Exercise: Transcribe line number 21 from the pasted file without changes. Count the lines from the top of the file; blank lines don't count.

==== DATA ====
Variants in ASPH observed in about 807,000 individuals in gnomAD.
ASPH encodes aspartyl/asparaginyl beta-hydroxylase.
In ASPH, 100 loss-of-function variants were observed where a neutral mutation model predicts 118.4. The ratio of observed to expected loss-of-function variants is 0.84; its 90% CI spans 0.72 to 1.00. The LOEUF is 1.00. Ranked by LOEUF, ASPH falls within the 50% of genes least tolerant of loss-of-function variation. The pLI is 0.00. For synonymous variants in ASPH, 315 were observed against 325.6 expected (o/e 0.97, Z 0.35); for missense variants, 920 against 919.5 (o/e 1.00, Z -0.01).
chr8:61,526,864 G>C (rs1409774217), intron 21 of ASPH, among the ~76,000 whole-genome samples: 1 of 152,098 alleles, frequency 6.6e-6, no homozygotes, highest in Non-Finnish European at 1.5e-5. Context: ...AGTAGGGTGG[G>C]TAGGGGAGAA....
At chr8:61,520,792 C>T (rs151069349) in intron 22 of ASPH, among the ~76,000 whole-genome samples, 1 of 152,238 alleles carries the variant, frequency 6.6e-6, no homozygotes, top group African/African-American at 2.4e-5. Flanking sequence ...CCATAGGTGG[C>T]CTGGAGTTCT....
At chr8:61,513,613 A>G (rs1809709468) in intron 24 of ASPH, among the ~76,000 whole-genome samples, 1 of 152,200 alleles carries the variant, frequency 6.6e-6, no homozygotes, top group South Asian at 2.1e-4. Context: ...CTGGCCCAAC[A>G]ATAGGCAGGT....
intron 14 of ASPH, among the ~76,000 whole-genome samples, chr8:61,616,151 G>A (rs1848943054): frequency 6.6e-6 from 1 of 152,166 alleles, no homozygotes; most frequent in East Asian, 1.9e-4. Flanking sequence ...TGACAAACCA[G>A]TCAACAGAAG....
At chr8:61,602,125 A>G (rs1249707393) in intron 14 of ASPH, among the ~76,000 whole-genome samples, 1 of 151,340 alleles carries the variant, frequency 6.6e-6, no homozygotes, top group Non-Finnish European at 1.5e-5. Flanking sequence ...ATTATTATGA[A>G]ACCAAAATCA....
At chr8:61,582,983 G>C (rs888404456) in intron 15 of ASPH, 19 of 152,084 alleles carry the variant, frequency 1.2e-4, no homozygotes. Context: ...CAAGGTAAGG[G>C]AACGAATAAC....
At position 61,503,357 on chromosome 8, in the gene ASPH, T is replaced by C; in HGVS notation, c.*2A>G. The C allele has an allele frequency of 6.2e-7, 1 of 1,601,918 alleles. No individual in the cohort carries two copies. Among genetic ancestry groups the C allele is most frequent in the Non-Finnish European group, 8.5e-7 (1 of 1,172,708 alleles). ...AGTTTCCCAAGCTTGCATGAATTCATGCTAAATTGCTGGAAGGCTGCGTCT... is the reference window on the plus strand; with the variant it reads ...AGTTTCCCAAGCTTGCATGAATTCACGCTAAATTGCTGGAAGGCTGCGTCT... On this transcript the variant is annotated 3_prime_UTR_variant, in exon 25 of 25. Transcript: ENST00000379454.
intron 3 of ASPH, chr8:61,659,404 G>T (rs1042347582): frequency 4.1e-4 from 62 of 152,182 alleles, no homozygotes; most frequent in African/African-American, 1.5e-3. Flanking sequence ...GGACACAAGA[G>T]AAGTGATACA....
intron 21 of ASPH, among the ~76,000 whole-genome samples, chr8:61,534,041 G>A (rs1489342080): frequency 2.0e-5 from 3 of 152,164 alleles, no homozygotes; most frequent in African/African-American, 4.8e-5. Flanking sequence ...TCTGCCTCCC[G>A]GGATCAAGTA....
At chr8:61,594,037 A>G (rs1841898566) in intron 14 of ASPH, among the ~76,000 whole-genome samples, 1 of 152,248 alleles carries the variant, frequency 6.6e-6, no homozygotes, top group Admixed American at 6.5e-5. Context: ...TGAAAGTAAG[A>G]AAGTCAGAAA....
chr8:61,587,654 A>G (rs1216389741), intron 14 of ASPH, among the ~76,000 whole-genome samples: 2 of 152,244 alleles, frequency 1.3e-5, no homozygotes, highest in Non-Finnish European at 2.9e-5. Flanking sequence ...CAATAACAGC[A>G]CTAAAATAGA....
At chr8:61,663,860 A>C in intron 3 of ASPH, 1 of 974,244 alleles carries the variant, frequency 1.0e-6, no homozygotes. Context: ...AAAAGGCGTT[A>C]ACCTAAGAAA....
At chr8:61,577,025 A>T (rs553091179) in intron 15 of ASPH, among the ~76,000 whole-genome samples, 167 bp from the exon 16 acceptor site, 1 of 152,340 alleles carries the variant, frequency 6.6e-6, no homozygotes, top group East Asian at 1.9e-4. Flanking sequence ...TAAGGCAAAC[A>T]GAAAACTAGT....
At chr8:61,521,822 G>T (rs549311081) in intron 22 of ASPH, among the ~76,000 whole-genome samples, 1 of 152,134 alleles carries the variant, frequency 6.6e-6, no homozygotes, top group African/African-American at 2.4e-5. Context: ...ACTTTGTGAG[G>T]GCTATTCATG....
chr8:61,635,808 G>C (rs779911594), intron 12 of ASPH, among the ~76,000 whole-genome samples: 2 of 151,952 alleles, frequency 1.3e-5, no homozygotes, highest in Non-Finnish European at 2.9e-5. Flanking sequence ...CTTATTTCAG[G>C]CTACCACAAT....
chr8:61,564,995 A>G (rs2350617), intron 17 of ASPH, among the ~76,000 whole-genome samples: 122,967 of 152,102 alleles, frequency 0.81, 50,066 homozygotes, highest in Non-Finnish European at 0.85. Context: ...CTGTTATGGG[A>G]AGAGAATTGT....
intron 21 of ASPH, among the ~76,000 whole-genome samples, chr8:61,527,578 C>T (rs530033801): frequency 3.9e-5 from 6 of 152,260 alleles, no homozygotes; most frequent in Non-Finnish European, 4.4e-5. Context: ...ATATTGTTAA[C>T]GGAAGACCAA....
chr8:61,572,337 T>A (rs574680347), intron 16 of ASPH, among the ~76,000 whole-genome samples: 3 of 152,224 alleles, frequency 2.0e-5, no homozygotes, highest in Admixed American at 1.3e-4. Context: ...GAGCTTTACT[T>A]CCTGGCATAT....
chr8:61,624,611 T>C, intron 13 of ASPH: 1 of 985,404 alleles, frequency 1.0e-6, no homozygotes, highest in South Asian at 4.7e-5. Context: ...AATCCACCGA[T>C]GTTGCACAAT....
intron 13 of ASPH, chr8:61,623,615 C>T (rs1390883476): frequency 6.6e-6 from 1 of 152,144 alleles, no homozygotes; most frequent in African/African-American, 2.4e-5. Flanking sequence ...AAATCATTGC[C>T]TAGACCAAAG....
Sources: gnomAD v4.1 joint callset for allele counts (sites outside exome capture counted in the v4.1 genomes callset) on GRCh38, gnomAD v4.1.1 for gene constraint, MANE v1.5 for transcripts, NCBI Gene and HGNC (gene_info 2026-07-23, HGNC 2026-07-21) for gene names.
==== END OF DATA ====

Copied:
chr8:61,572,337 T>A (rs574680347), intron 16 of ASPH, among the ~76,000 whole-genome samples: 3 of 152,224 alleles, frequency 2.0e-5, no homozygotes, highest in Admixed American at 1.3e-4. Context: ...GAGCTTTACT[T>A]CCTGGCATAT....